Harvard University became world champion at the Association for Computing Machinery International Collegiate Programming Contest, often referred to as ACM-ICPC, sponsored by AT&T in Indianapolis (Indiana, USA) in 1993. The team was made up of three brilliant students: Derrick Bass, Tony Hsieh, Craig Silverstein. They beat 31 teams from all over the world, including Stanford University from the US (second place) and the California Institute of Technology (third place). Curiously, Tony Hsieh has accomplished a high level of industry success and is now Zappos CEO. The team managed to solve the following problems: "Budget Travel", "Classifying Lots in a Subdivision", "Kissin' Cousins", "Golygons", "Puzzle", "Resource Allocation", "Scanner". However, one problem was not solved: "MIDI Preprocessing".

Nowadays, thanks to the ACM-ICPC Online Judge site created and maintained by the ACM-ICPC problem archivist Miguel A. Revilla, it is still possible to compete and solve any problem from the ACM-ICPC. Revilla is a professor of mathematics at the University of Valladolid (Spain) as well as an author of several ACM-ICPC problems and books. Furthermore, Baylor University, which hosts the official ACM-ICPC website, maintains both a renewed version of the ACM-ICPC Live Archive and its Twitter feed.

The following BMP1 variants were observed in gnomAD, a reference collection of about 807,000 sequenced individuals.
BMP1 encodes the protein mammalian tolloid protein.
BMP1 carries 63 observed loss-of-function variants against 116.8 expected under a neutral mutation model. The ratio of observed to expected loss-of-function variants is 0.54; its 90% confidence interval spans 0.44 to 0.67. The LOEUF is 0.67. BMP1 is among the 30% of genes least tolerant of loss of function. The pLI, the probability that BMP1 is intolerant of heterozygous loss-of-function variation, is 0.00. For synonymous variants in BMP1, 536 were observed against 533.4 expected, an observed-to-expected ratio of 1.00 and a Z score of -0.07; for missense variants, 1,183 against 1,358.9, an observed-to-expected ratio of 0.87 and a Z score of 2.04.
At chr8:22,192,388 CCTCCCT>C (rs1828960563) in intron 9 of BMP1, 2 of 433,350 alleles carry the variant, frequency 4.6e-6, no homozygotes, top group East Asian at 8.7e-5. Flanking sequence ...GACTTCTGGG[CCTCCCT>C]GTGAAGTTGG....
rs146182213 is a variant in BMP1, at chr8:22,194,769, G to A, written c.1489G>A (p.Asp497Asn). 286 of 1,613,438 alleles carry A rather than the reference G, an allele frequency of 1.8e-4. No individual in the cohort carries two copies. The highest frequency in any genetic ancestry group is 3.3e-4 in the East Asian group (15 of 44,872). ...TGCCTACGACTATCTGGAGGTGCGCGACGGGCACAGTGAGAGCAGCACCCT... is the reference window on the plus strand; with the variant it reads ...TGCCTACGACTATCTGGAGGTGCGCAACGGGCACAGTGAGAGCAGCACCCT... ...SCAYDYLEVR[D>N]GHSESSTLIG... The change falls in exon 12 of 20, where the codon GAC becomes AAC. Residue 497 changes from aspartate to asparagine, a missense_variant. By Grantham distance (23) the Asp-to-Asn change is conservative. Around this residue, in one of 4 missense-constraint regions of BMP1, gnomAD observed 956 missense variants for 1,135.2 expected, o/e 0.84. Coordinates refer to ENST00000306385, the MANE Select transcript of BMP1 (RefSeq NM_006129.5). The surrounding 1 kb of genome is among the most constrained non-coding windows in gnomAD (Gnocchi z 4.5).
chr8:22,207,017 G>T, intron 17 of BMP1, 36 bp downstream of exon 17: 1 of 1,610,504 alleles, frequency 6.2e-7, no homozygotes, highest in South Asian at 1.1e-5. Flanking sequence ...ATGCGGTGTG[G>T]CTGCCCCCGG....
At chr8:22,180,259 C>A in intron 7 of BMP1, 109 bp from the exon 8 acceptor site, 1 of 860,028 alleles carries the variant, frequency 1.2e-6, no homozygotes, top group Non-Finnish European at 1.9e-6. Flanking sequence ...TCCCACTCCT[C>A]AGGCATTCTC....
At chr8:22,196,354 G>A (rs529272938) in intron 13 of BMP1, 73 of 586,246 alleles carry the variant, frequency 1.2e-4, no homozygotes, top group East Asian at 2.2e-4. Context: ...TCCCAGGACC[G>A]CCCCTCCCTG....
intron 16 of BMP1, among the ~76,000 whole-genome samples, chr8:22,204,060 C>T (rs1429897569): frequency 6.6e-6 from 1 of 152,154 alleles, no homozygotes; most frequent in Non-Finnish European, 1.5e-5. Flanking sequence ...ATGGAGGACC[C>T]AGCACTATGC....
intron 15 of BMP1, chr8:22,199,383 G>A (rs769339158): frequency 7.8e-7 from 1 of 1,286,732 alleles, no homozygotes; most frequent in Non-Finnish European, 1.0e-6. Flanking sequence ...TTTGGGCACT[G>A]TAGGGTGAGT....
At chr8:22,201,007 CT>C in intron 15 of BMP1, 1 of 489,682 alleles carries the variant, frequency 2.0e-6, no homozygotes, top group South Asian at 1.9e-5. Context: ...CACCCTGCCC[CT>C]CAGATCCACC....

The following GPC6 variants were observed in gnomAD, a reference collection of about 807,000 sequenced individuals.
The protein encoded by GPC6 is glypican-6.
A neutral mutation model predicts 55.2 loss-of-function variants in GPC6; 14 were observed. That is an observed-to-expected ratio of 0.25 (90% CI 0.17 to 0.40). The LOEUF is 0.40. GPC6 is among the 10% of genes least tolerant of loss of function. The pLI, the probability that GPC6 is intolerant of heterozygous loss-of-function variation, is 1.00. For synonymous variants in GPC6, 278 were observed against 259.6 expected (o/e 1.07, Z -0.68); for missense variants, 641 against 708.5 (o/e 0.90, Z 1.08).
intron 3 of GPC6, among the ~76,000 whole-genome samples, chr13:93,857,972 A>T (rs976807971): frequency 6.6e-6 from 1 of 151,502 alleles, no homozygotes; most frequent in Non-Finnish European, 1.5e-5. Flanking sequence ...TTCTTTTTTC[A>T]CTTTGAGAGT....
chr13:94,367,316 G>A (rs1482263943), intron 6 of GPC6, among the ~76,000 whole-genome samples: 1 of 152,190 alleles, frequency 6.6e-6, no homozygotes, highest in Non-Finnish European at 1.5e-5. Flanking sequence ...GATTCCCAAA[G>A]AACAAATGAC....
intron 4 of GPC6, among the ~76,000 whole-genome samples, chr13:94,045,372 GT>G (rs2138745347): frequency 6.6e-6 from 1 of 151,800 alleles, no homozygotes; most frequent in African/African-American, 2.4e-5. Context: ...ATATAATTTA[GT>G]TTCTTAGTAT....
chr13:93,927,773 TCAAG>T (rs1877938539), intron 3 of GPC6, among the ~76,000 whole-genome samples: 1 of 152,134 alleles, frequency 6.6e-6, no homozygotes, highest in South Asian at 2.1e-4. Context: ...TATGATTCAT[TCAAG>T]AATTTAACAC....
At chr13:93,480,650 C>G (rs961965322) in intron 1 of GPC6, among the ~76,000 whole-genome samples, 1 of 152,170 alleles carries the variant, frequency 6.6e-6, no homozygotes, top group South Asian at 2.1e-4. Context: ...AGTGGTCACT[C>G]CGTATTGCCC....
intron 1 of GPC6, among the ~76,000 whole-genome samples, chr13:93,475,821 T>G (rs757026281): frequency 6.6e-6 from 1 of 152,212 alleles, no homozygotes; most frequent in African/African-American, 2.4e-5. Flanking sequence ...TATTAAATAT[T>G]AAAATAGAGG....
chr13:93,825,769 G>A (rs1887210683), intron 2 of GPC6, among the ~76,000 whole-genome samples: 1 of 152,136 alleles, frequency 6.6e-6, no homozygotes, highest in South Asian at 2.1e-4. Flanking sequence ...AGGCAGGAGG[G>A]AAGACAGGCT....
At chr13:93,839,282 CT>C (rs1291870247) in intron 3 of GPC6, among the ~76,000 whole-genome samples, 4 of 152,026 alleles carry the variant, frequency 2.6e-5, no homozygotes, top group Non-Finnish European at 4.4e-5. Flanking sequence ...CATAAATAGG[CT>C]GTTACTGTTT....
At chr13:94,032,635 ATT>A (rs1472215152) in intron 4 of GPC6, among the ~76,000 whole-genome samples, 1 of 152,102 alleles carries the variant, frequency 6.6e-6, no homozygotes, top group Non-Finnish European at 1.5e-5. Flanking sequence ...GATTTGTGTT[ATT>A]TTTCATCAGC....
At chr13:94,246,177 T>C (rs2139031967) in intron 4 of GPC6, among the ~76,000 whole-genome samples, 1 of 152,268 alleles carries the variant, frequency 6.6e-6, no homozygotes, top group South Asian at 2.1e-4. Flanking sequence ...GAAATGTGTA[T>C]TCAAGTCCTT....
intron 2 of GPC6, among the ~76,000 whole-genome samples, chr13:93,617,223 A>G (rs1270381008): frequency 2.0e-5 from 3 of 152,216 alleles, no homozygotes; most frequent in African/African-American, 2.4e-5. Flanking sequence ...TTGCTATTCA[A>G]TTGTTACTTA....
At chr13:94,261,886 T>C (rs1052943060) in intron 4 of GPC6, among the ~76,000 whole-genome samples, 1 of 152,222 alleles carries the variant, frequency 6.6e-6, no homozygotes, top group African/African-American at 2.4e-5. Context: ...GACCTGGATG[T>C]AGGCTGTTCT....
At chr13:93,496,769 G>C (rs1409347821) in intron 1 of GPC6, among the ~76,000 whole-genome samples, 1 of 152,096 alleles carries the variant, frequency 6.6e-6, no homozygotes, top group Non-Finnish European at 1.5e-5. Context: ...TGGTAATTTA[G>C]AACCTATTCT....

Baylor's ACM-ICPC Live Archive tells us that "MIDI Preprocessing", that is to say the problem that was not solved at the 1993 ACM-ICPC Indianapolis World Finals, has been solved by Giuseppe Macario from Italy with a highly efficient solution. His world record dates back to 2009, and is still unbeaten. Macario remains the first and only Italian citizen to set two world records by solving problems of the ACM-ICPC. In both cases, code written using optimized ANSI C language turned out to be faster than its C++ counterparts. The C language was initially developed by Dennis Ritchie between 1969 and 1973 at AT&T Bell Labs. After forty years, this programming language is still greatly appreciated by professionals from all over the world and is widely used in industry.